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Internship report On Pearl Prince Apparels Limited

Prepared for:
Kazi Shamsur Rahman
Assistant Professor Proctor, AMT BIFT.

Prepared by:
A S M TOWHEED

(072-001-045) AMT 072

26.Jun.2011 Kazi Shamsur Rahman Instructor for internship Program BIFT, Uttara, Dhaka

Dear Sir, This is the report I made based on my Internship program held on 22.Jun.2011 in Pearl Prince Apparels Limited in Tongi Gazipur. This assignment has five (5) main parts, Objective of the Internship Program, Factory Profile, A Brief history of RGM in Bangladesh, Different Departments and their Functions, and Suggestion to Improve the situation. I am honored to be one of your luckiest AMT students. We all hope long live among us and good wish for your coming days.

Yours Sincerely, A S M Towheed BIFT.

Acknowledgement

A am cordially acknowledging the support of following people have assisted us in preparing this report.

Mizanur Rahman 1 Complinace Manager Marks And Spencer 2 Tahare Ferdouse Dewhirst Bangladesh Ltd Saheen Alam 3 Manager Compliance and HR Pearl Price Appeals Limited Abdur Rahman Tutul 4 Sr. Merchandiser Pearl Price Appeals Limited

Contents

Topic
Executive Summery

Page No.
VI

Objective of the Internship Program

A Brief of the Organization

A Brief History of RMG Sector in Bangladesh

18

Different Departments of the Organization and their Function

49

Merchandising

51

Store

58

cutting

63

Sewing

73

Washing 75

Finishing 77

Human Resource & Compliance 79

Suggestion 81

Executive Summary

The aim of the Internship program are as follows:

To know how a factory works To know how different departments co-ordinates with each other To know how new orders come to the factory To know how the Product Development is done To know how the Costing and Pricing is done, how the price is fixes To know how suppliers are arranged To know how price negotiated with supplier To know how the team work is done perfectly To know how production execution is done with in deadlines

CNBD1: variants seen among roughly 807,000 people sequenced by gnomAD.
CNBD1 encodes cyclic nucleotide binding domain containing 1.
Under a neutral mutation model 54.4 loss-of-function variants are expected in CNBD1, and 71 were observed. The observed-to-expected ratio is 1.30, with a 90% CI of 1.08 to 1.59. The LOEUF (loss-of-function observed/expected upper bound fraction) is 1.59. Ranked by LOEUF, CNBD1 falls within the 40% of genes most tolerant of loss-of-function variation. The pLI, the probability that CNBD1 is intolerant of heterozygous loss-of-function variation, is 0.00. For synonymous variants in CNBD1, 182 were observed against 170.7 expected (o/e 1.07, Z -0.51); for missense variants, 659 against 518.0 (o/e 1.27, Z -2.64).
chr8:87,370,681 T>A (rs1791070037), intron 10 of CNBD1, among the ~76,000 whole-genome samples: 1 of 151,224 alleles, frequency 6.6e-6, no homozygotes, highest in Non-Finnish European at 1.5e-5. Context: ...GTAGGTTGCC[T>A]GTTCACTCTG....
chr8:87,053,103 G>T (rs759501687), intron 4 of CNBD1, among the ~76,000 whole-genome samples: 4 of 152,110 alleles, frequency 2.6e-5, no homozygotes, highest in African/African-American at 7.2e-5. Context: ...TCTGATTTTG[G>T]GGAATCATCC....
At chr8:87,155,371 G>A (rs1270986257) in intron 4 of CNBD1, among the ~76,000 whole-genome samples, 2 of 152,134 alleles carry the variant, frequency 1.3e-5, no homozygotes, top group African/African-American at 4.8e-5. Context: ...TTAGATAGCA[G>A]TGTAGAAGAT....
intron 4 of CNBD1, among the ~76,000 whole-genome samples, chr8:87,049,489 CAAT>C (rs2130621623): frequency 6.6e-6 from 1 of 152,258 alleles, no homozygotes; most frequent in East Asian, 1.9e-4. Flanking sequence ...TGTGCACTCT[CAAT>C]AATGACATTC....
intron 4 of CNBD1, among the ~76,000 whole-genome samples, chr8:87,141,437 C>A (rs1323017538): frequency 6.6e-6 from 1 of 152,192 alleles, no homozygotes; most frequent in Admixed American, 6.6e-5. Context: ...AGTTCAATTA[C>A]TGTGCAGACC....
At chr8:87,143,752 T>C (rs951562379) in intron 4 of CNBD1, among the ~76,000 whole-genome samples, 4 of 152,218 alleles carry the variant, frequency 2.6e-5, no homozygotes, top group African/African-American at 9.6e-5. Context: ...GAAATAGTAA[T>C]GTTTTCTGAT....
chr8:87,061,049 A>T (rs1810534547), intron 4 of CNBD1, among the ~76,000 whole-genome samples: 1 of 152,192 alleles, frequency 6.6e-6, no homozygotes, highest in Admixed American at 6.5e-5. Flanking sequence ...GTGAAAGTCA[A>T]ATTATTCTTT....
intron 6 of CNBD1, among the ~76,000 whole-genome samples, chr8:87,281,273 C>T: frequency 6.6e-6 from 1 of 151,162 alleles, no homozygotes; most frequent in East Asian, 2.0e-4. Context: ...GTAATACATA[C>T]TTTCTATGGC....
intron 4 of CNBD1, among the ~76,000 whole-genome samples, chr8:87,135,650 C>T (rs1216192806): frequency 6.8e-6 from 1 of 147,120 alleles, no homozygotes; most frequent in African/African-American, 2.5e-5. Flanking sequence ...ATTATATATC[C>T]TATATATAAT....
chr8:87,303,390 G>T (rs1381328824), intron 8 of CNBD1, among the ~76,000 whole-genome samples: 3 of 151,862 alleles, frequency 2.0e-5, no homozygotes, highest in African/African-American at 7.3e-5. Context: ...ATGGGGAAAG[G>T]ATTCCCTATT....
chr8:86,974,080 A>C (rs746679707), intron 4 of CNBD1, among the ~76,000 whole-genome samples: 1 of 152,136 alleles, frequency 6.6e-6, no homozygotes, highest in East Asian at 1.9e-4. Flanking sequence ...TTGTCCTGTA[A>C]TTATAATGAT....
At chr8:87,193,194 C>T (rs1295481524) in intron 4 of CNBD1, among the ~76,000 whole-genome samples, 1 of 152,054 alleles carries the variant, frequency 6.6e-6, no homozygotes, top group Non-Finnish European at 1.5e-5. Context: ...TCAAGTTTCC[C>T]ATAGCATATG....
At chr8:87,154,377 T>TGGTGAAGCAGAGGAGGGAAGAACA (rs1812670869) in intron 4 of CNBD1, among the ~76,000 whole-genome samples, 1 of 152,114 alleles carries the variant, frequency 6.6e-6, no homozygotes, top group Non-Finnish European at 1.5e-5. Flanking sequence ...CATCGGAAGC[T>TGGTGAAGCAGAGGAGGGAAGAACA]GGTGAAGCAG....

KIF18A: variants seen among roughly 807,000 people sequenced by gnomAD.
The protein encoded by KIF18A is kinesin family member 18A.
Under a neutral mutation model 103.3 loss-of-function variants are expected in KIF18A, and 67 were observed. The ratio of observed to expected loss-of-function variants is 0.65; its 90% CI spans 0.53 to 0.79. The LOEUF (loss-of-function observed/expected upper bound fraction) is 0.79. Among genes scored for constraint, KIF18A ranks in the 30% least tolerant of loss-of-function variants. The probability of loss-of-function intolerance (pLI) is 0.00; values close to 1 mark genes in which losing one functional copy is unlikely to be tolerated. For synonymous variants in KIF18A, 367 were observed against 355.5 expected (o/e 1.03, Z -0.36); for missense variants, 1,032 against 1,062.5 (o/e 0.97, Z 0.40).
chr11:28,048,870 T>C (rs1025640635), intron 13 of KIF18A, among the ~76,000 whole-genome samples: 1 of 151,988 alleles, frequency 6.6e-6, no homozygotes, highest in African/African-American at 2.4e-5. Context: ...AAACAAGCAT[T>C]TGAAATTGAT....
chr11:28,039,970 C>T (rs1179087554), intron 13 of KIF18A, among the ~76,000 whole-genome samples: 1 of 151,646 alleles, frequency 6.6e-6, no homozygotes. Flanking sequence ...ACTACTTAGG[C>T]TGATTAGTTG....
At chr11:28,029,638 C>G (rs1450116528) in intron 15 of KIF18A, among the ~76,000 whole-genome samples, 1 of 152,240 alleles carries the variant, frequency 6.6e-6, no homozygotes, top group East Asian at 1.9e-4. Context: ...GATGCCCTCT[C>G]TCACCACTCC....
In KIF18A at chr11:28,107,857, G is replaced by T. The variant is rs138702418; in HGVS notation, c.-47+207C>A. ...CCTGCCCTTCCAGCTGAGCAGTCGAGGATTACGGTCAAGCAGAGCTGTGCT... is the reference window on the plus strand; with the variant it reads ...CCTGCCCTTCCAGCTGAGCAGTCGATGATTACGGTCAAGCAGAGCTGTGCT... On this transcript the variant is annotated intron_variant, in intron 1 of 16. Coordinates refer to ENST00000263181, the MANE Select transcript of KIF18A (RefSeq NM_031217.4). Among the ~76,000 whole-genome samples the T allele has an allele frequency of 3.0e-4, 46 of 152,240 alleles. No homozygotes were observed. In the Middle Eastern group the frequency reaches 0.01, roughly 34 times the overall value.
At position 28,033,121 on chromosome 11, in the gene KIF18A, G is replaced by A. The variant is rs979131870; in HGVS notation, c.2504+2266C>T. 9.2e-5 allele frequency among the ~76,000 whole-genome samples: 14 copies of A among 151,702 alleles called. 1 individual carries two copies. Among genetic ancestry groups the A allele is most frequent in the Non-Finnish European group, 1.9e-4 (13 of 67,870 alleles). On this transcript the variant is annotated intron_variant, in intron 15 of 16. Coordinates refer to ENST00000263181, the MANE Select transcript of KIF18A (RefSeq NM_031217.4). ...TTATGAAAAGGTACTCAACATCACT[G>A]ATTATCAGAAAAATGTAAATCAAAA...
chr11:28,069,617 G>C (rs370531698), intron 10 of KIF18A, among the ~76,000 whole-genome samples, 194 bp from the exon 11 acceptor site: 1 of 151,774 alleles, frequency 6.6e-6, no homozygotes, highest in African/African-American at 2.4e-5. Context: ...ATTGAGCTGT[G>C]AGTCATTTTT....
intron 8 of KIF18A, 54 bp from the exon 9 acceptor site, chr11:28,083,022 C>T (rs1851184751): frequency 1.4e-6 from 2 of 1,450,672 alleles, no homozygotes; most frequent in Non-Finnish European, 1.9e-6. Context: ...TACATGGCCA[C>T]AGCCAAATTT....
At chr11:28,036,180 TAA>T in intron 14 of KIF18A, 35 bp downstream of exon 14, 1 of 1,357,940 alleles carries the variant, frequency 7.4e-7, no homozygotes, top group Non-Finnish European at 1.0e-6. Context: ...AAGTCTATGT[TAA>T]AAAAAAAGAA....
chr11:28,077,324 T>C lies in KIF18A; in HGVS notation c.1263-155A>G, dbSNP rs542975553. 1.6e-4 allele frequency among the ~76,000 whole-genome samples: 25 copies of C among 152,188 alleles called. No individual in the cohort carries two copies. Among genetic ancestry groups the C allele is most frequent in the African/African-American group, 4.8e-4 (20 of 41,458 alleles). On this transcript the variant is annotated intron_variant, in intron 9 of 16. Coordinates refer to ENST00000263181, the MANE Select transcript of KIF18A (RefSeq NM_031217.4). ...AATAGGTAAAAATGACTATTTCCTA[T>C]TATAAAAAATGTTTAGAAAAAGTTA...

The report discuss about Objective of the Internship Program, Factory Profile, A Brief history of RGM in Bangladesh, Different Departments and their Functions, and Suggestion to Improve the situation.

Date : 23.Jun.2011

Pearl Prince Apparels Limited Plot 14, block A, Squibb Road, Cherag Ali, Tongi Industrial Area, Gazipur.

TO WHOM IT MAY CONCERN

This is to certify that Mr. A S M TOWHEED so of Md. Abdul Manman and Aisha Khanam was a internee of Pearl Prince Apparels Limited for 22.Jun.2011 to 23.Jun.2011. During his attending the Internship program he was found him very honest, hard working, intelligent and his responsive is quite impressive. We wish him success in all his endeavors.

Manager Human Resource and Compliance

Saheen Alam saheen.alam@yahoo.com Pearl Prince Apparels Limited

Objective of the Internship Program

Objective of the Internship Program:

The objective of the Internship program is to learn how a factory works, watching different departments closely. How different departments co-ordinates with each other, how the team work happens. The main focus is on the Merchandising division. How new orders come to the factory, how the Product Development is done, How the Costing and Pricing is done, how the price is fixes, how to arrange suppliers, how to price negotiate with supplier and at last and the most important thing is to know how the production execution is done with in deadlines.

A Brief of the Organization

A Brief of the Organization:

Name of the Organization Address :